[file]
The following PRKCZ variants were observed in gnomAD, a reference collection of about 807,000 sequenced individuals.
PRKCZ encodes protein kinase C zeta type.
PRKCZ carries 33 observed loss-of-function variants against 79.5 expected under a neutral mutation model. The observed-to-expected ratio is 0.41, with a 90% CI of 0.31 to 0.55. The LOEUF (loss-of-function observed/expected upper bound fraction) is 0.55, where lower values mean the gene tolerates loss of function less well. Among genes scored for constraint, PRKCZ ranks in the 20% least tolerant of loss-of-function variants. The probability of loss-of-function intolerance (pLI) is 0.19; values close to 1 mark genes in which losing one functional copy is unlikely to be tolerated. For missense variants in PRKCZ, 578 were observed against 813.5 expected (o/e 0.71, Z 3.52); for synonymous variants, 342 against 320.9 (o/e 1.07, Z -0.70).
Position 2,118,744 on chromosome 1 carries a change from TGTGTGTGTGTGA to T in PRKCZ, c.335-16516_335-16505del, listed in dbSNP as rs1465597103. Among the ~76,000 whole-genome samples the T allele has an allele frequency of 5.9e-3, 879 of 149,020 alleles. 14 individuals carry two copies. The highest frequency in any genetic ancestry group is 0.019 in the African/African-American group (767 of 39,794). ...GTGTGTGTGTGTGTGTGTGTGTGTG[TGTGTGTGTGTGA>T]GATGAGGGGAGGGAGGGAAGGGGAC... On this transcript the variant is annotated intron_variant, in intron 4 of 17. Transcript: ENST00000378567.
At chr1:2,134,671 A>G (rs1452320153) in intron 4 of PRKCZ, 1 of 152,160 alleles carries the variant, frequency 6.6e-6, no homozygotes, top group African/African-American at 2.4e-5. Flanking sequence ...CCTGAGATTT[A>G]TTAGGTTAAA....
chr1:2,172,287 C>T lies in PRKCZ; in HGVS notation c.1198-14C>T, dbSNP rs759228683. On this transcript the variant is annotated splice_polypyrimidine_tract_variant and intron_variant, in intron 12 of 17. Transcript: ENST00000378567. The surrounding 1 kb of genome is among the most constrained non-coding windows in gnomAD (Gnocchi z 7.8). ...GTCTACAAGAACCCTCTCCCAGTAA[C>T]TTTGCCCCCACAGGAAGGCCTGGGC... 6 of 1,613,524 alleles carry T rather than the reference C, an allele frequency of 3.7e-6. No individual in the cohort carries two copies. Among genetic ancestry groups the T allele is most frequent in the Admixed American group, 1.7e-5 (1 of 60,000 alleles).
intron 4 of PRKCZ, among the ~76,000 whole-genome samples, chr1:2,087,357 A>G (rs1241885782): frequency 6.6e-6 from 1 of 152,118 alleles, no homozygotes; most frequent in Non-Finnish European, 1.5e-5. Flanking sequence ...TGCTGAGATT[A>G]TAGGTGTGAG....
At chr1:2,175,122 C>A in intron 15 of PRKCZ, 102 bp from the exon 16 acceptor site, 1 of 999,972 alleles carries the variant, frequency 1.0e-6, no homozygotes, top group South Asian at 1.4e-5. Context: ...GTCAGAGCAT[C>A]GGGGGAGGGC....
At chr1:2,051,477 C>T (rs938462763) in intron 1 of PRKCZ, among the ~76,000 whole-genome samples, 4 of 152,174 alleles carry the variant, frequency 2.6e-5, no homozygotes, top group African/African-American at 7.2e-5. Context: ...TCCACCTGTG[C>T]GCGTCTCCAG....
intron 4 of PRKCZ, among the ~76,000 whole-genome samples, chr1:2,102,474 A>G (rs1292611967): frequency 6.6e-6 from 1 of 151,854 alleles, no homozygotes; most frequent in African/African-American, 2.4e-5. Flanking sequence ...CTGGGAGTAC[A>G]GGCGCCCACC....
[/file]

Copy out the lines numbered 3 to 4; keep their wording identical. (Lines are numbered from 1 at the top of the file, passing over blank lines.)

PRKCZ carries 33 observed loss-of-function variants against 79.5 expected under a neutral mutation model. The observed-to-expected ratio is 0.41, with a 90% CI of 0.31 to 0.55. The LOEUF (loss-of-function observed/expected upper bound fraction) is 0.55, where lower values mean the gene tolerates loss of function less well. Among genes scored for constraint, PRKCZ ranks in the 20% least tolerant of loss-of-function variants. The probability of loss-of-function intolerance (pLI) is 0.19; values close to 1 mark genes in which losing one functional copy is unlikely to be tolerated. For missense variants in PRKCZ, 578 were observed against 813.5 expected (o/e 0.71, Z 3.52); for synonymous variants, 342 against 320.9 (o/e 1.07, Z -0.70).
Position 2,118,744 on chromosome 1 carries a change from TGTGTGTGTGTGA to T in PRKCZ, c.335-16516_335-16505del, listed in dbSNP as rs1465597103. Among the ~76,000 whole-genome samples the T allele has an allele frequency of 5.9e-3, 879 of 149,020 alleles. 14 individuals carry two copies. The highest frequency in any genetic ancestry group is 0.019 in the African/African-American group (767 of 39,794). ...GTGTGTGTGTGTGTGTGTGTGTGTG[TGTGTGTGTGTGA>T]GATGAGGGGAGGGAGGGAAGGGGAC... On this transcript the variant is annotated intron_variant, in intron 4 of 17. Transcript: ENST00000378567.